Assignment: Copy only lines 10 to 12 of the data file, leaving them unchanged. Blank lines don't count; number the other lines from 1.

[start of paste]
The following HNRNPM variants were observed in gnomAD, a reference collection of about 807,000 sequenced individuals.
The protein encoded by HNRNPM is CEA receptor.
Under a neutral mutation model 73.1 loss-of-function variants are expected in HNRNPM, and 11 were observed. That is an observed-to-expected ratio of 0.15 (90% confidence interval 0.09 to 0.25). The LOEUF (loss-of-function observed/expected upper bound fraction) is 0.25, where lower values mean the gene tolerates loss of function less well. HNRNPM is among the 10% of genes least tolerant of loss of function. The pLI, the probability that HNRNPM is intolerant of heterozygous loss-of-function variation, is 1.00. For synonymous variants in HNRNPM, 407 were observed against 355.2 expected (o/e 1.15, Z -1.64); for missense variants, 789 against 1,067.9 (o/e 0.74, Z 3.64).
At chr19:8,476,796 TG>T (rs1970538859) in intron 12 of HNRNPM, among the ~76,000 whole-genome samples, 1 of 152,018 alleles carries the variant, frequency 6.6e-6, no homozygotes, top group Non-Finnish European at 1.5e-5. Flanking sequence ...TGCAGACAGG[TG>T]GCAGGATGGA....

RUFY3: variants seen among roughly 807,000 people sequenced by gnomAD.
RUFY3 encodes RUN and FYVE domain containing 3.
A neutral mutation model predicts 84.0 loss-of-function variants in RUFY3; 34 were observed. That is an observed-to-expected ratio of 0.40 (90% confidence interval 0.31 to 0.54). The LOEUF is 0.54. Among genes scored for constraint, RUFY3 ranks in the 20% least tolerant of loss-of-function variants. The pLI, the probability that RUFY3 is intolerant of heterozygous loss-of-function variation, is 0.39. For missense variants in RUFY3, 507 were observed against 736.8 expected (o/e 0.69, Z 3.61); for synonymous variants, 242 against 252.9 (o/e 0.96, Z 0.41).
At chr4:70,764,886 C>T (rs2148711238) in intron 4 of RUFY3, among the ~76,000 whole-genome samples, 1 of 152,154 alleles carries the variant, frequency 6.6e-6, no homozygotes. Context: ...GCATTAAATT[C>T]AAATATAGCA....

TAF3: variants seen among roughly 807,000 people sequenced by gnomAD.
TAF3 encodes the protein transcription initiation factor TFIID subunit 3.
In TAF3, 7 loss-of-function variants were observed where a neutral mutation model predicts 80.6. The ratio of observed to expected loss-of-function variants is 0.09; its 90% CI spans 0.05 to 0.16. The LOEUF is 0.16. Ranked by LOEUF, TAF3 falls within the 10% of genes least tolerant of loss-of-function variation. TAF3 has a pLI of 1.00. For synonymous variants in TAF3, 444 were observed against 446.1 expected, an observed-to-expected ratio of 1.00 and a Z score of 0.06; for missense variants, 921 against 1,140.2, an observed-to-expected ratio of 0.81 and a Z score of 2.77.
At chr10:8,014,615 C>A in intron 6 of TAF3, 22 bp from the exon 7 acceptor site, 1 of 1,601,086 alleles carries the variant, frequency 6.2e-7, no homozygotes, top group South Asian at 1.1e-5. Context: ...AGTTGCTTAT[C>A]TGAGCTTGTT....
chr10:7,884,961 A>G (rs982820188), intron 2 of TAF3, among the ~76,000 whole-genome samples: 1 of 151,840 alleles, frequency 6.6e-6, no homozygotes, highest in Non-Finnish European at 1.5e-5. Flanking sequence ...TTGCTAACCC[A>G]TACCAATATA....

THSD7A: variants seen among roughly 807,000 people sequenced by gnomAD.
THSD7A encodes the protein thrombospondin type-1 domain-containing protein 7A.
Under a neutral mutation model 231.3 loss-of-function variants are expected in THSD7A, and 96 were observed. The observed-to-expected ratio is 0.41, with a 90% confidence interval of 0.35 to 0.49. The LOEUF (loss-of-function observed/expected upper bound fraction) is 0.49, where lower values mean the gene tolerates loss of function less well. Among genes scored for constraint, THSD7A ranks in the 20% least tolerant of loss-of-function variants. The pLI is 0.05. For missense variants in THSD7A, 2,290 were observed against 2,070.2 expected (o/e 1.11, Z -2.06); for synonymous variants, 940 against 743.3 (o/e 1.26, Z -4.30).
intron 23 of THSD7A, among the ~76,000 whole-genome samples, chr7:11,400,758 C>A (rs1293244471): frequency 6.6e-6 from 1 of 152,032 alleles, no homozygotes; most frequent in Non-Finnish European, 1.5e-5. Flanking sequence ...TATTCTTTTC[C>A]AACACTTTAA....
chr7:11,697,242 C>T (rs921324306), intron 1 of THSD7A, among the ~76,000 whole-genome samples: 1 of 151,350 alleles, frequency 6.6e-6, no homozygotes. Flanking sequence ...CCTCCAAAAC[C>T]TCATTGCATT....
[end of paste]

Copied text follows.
TAF3 encodes the protein transcription initiation factor TFIID subunit 3.
In TAF3, 7 loss-of-function variants were observed where a neutral mutation model predicts 80.6. The ratio of observed to expected loss-of-function variants is 0.09; its 90% CI spans 0.05 to 0.16. The LOEUF is 0.16. Ranked by LOEUF, TAF3 falls within the 10% of genes least tolerant of loss-of-function variation. TAF3 has a pLI of 1.00. For synonymous variants in TAF3, 444 were observed against 446.1 expected, an observed-to-expected ratio of 1.00 and a Z score of 0.06; for missense variants, 921 against 1,140.2, an observed-to-expected ratio of 0.81 and a Z score of 2.77.
At chr10:8,014,615 C>A in intron 6 of TAF3, 22 bp from the exon 7 acceptor site, 1 of 1,601,086 alleles carries the variant, frequency 6.2e-7, no homozygotes, top group South Asian at 1.1e-5. Context: ...AGTTGCTTAT[C>A]TGAGCTTGTT....